For some of the staff who may not have smart phones, hard copies of GHQ-12 and sociodemographic data sheet were sent and the doctor or nurse posted along with were requested to assist them. In very few instances, where the HCP could not be contacted personally due to post home duty quarantine, telephonic/video call interview (recorded) was conducted and responses were marked accordingly.

After the primary data collection and evaluation, HCPs with GHQ-12 scores more than 2 were administered HARS and HDRS by the research staff. To compare the mental health disorders among the frontline HCPs with those who were not involved in delivery of care to COVID-19 suspected or confirmed cases, a sample of 97 such HCPs as controls were also recruited. Like the frontline HCPs, data were also collected from this group in a similar manner; initially sociodemographic and GHQ-12 was recorded and then those who had GHQ-12 score more than 2 were further administered HARS and HDRS. The control group had proportionate numbers of doctors, nurses, and ancillary staff.

HCPs (both frontline and controls) who were found to have anxiety and/or depression on HARS and HDRS as well as all who have GHQ-12 score more than 2 were asked to seek help from psychiatry telemedicine and helpline services provided 24 × 7 by the department of psychiatry, Government Medical College and Hospital, Chandigarh. Data were collected over a period of 3 months, from May 2020 to July 2020.

Ethics statement

The study was approved by the Institutional Ethics Committee of Government Medical College and Hospital, Chandigarh.

Statistical analysis

Data were entered in Microsoft Excel spreadsheet and analyzed using SYSTAT software version 13.2 for Windows (San Jose, CA: Inpixon Inc.). Study findings were presented as frequencies, means (with standard deviation), and proportions. The Chi-square test was employed to see the association between the qualitative variables. For quantitative data, Student's t-test and analysis of variance was applied for two and more than two groups which were normally distributed. Binary logistic regression analysis (enter method) was performed to see the strength of association in terms of odds ratio and 95% confidence interval. P < 0.05 was considered statistically significant.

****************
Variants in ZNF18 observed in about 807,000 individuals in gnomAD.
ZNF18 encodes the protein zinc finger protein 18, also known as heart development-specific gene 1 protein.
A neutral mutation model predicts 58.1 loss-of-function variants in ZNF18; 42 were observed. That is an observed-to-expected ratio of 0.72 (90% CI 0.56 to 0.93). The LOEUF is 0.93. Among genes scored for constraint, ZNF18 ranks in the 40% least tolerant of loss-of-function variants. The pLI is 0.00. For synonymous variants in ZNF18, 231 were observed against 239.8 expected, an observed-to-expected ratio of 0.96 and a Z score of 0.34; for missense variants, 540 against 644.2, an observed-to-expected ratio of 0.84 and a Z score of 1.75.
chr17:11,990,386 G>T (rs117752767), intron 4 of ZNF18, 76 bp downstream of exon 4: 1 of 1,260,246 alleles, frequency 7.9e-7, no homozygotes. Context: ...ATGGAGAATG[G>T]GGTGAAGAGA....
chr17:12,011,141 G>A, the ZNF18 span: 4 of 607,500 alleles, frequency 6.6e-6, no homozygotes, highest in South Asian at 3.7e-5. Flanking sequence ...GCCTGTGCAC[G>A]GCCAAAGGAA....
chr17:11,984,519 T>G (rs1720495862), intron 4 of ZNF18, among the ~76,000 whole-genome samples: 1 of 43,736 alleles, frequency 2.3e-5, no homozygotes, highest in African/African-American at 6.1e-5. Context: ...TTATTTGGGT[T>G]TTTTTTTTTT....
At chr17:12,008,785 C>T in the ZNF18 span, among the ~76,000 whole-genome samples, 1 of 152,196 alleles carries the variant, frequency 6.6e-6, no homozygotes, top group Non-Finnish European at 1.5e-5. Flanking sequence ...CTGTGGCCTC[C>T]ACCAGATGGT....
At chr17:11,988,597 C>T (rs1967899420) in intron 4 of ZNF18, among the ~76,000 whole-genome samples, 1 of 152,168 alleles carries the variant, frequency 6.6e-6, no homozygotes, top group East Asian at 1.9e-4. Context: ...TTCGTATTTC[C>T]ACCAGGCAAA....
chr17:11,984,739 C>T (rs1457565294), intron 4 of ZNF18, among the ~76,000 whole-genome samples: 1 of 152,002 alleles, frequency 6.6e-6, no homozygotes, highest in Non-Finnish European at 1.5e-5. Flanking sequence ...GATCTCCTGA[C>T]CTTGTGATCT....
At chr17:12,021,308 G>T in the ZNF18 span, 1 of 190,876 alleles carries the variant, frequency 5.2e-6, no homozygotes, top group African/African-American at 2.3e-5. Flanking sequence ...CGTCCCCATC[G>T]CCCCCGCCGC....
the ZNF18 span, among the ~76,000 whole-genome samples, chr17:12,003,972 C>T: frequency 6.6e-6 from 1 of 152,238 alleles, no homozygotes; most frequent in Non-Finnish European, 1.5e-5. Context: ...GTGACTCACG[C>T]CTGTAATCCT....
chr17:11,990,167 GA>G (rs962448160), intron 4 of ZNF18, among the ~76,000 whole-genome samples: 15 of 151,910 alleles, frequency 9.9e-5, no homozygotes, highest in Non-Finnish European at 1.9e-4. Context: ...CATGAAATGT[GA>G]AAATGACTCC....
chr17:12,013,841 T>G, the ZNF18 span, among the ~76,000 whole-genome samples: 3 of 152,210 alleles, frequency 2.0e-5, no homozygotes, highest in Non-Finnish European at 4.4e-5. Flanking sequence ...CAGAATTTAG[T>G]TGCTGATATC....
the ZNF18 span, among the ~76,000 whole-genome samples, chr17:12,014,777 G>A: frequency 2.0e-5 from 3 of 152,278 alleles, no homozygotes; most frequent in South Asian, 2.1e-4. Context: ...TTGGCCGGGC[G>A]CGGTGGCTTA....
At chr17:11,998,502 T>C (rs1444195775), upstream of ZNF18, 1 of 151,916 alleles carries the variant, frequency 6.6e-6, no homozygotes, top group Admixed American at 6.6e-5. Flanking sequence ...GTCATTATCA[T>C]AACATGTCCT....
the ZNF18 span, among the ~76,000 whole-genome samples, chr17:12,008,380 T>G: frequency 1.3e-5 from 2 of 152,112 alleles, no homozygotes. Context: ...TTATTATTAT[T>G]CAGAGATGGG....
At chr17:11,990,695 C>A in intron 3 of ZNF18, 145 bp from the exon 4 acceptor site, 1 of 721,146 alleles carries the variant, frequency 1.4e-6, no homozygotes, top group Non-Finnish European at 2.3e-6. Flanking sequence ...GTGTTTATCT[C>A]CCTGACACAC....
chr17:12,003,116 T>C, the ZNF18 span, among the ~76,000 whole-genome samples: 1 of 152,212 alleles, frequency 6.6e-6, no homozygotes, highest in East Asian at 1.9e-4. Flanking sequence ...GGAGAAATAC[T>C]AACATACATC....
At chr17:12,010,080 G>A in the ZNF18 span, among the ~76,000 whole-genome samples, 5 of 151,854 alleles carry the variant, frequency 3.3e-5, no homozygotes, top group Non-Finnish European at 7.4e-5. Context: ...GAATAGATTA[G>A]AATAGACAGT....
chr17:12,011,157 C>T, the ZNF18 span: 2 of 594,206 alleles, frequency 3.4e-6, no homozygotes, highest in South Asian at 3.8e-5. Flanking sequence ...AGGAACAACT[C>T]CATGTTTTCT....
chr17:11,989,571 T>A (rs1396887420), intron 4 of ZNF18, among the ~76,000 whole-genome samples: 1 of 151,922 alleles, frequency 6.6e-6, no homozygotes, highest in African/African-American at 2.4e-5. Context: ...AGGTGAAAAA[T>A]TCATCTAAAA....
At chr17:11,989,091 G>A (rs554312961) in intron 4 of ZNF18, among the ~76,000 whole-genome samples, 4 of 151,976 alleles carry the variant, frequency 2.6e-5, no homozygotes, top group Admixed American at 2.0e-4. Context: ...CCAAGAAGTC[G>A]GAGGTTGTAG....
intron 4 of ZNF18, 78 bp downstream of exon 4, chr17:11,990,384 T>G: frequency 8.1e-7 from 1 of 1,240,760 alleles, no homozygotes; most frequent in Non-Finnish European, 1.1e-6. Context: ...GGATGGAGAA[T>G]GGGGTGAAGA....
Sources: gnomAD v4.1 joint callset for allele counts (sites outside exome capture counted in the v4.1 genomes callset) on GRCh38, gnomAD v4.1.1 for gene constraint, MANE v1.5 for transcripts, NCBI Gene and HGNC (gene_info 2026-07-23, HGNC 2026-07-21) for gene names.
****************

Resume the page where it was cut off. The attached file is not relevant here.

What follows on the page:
Results Top

A total of 348 participants including 97 controls were interviewed, and their sociodemographic details along with information regarding psychological morbidity were collected. The mean age was 32.11 (9.43) and 33.18 (8.28) years among HCP-frontline and controls (HCP-control), respectively. Females constituted 43.8% and 54.6% among HCP frontline and HCP controls, respectively. Doctors comprised the highest proportion in both HCP frontline and HCP control group. 33.1% of the HCP-frontline and 14.4% of the HCP-controls also reported that they had previous experience of working in facilities such as quarantine and isolation ward. 96.9% and 86.1% participants came from the urban background among HCP frontline and HCP controls. Sociodemographic details are given in [Table 1].
Table 1: Sociodemographic details of study participants

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Regarding, GHQ-12, scores <3 were considered having no psychological morbidity taking the scoring pattern of 0-0-1-1.[16] Mean scores for HCP-frontline were higher 1.90 (2.07) as compared to HCP-controls, 1.51 (1.98), but it was not statistically significant (P = 0.074). HCPs who were directly involved in COVID-19 duty (HCP-frontline) had a higher proportion (28.3%) of psychological morbidities as compared to 19.6% among controls (HCP-controls). However, this was not statistically significant [Table 2]. Among HCP-frontline, 71 had higher GHQ scores, i.e., more than 2. On univariate analysis, significantly lower age (30.24 ± 6.20 vs. 34.33 ± 8.72 years) was seen among HCP-frontline participants who had higher GHQ score >2 (P ≤ 0.001) as compared to participants who had lower GHQ score ≤2.